While I had plans to write a more in depth article regarding the Brookswood NCP process, Councillor Woodward’s motion to consider developing one Brookswood Neighbourhood Community Plan at a time has pre-empted my writing schedule. (Update: Meeting II in Review: Woodward’s motion to focus on one Brookswood NCP at a time defeated)
The Brookswood OCP was not completed in a vacuum. It is within the greater context of the Township of Langley municipality, which it would appear that previous councils haven’t really considered.
The problem is that growth does not happen simply because you build it, or because you have a lofty percentage target. The reality is not that we grow by the same percentage every year, but rather by a very similar real number year after year. Over the last decade we have grown at a fairly steady real number of around 2,600 people per year. About 1,900 of those people (or 73%) find themselves in the new development area of Willoughby. This is important to remember.
Part of the struggle for Willoughby has been the lack of focused planning or phased development. NCP’s have been randomly made with little rhyme or reason and they have all, now with Williams adopted, been adopted, allowing developers to build density wherever they buy land. Infrastructure in turn ends up patchy and sprawled out. These 1,900 people move to new developments (or displace others to move) in Yorkson, Southwest Gordon, Northeast Gordon, and soon Latimer, Jericho, Central Gordon, Smith, Williams, etc. With a target build out of 90,000, Willoughby may not have anything close to completed infrastructure for another 20-30 years. While population growth numbers may increase over the years due to new births, we still rely a lot more on home buyers from out of town, especially from municipalities to the west.
If we have 2,600 people per year come to Langley, they get to chose where in Langley they move. Simply by building more in a different location will not increase the growth, it merely provides more options. Since the housing types that will be offered will be similar to Willoughby, those people who may have moved to Willoughby may now move to Brookswood. Instead of 73% going to Willoughby, maybe only 50-60% will go to Willoughby.
You might think stunting growth in Willoughby is a blessing, but what does it mean for the road building, sidewalks, and new schools? How would Willoughby residents feel when their infrastructure takes 30-40 years instead of 20-30 years because we had to put those funds towards Brookswood instead? What if it takes 10 years instead of 5 for the next neighbourhood elementary school? Just more growing pains? That, or a lifetime of bad planning
In the past, with no Willoughby representation, Council has literally turned the neighbourhoods of Willoughby against each other, such as allowing for a school meant for Routley (an already established community waiting for an elementary school) to go to Yorkson. There are finite dollars and a finite population. With the adoption of every Willoughby NCP, development in the area spread thinner and thinner. Incomplete roads and sidewalks have become the unfortunate norm. Not for 2-3 years, but for 15-20 years. By opening up Brookswood to similar development, we will end up waiting substantially longer for proper infrastructure in developing neighbourhoods. The “growing pains”, as Councillor Bob Long loves to call Willoughby’s problems, will last literally for generations.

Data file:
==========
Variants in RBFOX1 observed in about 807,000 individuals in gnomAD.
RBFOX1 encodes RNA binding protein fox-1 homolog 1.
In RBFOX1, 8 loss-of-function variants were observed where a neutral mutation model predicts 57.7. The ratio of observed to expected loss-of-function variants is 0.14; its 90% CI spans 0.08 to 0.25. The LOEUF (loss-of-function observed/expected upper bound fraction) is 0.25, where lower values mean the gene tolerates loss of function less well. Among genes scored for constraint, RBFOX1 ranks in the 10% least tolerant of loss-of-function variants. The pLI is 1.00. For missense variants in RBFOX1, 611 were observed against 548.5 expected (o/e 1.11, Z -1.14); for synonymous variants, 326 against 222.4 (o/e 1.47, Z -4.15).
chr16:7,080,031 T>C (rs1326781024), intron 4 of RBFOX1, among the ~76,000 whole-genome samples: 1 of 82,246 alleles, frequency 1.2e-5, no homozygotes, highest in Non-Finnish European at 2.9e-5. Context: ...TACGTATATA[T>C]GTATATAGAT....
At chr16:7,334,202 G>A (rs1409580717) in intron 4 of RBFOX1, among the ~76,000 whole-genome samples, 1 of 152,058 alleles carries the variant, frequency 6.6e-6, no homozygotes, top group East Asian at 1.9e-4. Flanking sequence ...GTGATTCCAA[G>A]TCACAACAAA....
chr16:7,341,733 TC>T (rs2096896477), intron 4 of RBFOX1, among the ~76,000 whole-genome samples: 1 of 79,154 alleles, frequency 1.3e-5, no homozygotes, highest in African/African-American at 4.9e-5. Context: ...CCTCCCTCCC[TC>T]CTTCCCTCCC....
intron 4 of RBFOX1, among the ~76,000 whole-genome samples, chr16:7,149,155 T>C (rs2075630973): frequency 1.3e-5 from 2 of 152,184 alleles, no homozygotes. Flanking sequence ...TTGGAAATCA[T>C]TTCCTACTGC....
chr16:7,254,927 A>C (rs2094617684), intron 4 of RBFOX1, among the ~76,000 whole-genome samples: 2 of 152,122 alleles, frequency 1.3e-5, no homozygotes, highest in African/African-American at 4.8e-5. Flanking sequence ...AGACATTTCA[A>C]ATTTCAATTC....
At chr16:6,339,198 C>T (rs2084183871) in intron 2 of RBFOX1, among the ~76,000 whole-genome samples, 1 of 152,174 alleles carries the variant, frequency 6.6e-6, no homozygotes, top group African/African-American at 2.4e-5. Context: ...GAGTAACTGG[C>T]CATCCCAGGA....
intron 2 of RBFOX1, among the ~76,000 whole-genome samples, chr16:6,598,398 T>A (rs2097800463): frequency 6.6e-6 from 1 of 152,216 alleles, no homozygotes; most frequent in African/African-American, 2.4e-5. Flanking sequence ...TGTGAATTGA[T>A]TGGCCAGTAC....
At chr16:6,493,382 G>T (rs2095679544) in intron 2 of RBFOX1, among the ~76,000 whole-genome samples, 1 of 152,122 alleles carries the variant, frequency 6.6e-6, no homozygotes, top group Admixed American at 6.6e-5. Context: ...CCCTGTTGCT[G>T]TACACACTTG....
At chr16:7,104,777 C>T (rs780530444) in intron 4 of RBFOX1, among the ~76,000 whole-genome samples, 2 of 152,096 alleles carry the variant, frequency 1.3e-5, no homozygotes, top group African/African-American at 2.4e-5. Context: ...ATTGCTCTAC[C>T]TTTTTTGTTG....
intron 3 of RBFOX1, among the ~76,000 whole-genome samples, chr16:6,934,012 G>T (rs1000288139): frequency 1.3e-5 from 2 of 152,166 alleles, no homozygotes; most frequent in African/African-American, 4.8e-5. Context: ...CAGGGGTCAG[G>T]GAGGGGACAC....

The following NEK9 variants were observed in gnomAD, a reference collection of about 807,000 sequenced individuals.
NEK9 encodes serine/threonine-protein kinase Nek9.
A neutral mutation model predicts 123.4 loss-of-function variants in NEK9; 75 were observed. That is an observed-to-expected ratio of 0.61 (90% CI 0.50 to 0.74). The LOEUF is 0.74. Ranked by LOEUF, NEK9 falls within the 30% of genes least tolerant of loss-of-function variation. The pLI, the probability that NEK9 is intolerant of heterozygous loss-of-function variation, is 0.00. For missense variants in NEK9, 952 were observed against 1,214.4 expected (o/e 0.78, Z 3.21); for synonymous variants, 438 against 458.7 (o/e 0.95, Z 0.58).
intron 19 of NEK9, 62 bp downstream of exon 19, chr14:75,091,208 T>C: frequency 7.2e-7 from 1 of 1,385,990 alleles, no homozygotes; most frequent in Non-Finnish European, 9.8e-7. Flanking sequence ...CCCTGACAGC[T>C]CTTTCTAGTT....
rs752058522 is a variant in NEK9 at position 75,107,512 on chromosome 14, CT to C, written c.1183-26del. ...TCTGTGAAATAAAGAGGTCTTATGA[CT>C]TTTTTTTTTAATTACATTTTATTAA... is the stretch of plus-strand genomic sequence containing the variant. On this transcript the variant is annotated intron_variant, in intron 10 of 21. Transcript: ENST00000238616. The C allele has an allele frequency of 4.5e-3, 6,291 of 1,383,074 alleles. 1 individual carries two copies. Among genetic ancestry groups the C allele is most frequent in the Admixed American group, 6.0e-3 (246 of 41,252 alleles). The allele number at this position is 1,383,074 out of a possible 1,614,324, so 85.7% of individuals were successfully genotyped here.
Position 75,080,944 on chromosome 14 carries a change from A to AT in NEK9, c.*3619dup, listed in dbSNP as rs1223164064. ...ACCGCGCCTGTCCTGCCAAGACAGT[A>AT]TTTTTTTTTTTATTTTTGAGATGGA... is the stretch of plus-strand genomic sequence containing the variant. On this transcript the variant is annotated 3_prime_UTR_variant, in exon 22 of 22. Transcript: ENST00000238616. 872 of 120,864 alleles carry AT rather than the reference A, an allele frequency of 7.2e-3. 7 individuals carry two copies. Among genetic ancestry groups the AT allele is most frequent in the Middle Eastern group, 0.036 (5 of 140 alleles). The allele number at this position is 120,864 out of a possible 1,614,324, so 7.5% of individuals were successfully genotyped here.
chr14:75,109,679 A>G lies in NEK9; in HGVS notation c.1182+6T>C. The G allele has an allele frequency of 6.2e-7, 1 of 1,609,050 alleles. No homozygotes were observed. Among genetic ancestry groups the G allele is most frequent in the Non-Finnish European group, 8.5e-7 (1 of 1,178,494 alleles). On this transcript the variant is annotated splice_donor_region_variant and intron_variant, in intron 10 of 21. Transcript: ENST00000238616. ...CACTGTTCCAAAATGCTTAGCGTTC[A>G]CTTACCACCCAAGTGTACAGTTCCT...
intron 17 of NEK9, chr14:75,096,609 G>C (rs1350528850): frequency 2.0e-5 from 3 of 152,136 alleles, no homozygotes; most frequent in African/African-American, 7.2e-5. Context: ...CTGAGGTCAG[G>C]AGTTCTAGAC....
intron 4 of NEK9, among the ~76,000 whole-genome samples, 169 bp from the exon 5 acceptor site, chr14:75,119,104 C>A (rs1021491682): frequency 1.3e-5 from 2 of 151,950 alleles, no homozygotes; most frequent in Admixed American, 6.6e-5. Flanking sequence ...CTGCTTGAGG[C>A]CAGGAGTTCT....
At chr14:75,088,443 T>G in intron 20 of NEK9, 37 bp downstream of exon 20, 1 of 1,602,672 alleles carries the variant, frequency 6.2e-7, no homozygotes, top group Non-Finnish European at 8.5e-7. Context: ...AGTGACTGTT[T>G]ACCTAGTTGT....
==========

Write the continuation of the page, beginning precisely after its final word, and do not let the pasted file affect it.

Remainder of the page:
Slowdowns in the market will only exasperate these problems. 2,600 new people in a good year roughly translates to a need for about 900 homes (2.9 people per household is the Langley average). In 2017, there were 1,805 unit permits passed by Council, with 71% of those in Willoughby. While 2018 has seen a significant slowdown in building permits, those 2017 numbers (and 2016 wasn’t too far off) will mean that 2019 and 2020 will see a rapid oversaturation of multifamily homes that the demand cannot handle (townhomes generally take 2 years to buildout, apartments, 3 years). Willoughby is already building enough units in one year for 2 years worth of demand and soon those people can chose to buy the same home in Brookswood.
Brookswood development could likely lead to a further saturated market, possibly even empty homes, rapidly lower values for young homeowners, and increasingly thinning infrastructure. It could also end up tearing apart communities as Brookswood residents fight Willoughby residents for precious provincial school dollars – something we’ve already witnessed within Langley (and within Willoughby itself). It’s bad enough that Willoughby did not end up with phased development to force a concentration of complete infrastructure, but to replicate and increase the problem in South Langley would seem extremely irresponsible and shortsighted.
While the Brookswood OCP has already been adopted, and phased development no longer a real option in Langley, I hope that Council at least finds the wisdom to adopt Councillor Woodward’s motion which will at least mitigate the damage that will be done to both communities.
[…] (For further reading on the issue see: Why Willoughby needs Brookswood to slow down) […]
I live on 40th & 216th
We have 2 empty houses next to us land banked. Our farm status has been taken off us . We have 2 streams salmon runs on our property that are now dry . We suspect we are the next area to be developed. We don’t feel safe or secure here.
It has been a while since I have first read some of your articles relating to Brookswood and Election Campaigns and the donations from developers to greedy Councilors. It is Dec 29 2021, these things are still top of mind, keep up the good work Brad!